Out of Many: Military Commissions, Religious Tribunals, and the Democratic Virtues of Court Specialization
69 Pages Posted: 2 Aug 2010 Last revised: 14 Apr 2011
Date Written: July 30, 2010
The culture wars of the post-9/11 era have implicated legal systems in multiple ways. The article surveys two such recent episodes, in which questions of institutional design of judicial forums invoked heated disputes regarding the purposes and limits of judicial power in a liberal democracy. The first episode is the ongoing controversy over the legitimacy of military commissions as the forum for trying terrorism suspects in the U.S. The second episode is the failed attempt to award recognition and accommodation to religious (specifically Islamic) tribunals as family arbitration mechanisms in the Canadian province of Ontario. Both episodes seemed to present similarly extreme challenges to the ideal of the ‘rule of law,’ which is largely understood to lie at the core of any legitimate dispensation of judicial power.
The article seeks to recontextualize the two cases – military commissions and religious tribunals – as instances in a general institutional trend of court specialization: the diffusion of court forums into multiple units of disparate jurisdictional breadth, professional expertise, and institutional culture. While the pervasive phenomenon of court specialization – usually assessed in terms of institutional efficiency or interest-group politics – is subject to some effective critiques from the rule of law, the article offers a series of arguments from liberal democracy that justify proliferating and diversifying the institutional field of judicial power by way of specialization. When viewed from an overall systemic perspective, jurisdictional multiplicity and diversity are shown to have the potential to promote democratic values of deliberation, pluralism, access, transparency, and accuracy in legal discourse.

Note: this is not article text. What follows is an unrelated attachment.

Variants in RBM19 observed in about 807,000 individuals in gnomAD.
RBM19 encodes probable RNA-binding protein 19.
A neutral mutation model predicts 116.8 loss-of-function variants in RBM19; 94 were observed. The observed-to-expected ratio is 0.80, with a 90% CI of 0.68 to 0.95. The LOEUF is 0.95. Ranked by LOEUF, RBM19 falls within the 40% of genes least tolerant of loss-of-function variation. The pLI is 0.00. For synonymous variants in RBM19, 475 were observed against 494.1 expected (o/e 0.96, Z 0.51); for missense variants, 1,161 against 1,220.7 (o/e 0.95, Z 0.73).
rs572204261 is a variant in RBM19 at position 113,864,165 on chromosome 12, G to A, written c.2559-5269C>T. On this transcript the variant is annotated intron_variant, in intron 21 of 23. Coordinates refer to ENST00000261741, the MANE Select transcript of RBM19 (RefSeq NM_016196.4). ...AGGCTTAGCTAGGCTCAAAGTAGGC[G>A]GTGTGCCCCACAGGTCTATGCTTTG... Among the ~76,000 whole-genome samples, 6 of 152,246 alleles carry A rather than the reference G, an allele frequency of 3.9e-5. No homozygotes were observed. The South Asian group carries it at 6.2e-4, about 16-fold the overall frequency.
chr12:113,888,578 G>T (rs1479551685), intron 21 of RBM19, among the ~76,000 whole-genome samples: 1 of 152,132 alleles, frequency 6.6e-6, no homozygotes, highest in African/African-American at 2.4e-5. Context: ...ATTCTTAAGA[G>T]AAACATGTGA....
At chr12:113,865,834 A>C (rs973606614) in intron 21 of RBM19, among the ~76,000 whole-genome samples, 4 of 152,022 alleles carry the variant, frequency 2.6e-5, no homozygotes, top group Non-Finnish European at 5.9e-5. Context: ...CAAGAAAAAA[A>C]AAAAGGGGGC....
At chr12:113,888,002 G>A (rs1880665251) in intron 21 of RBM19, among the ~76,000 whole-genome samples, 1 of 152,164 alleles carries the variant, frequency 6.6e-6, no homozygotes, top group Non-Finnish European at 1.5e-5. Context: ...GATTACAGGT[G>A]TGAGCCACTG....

Once the democratic virtues of court specialization are acknowledged, the disputes over military and religious adjudication are revealed to warrant a more nuanced treatment than current debates have allowed. Further, institutional variations that would realize the benefits of specialization and contain its costs for the rule of law – primarily by establishing modes of interaction among diverse court units – are shown to be available, and are briefly explored. It is there that the discussion over court specialization ought to be heading.
Suggested Citation: Suggested Citation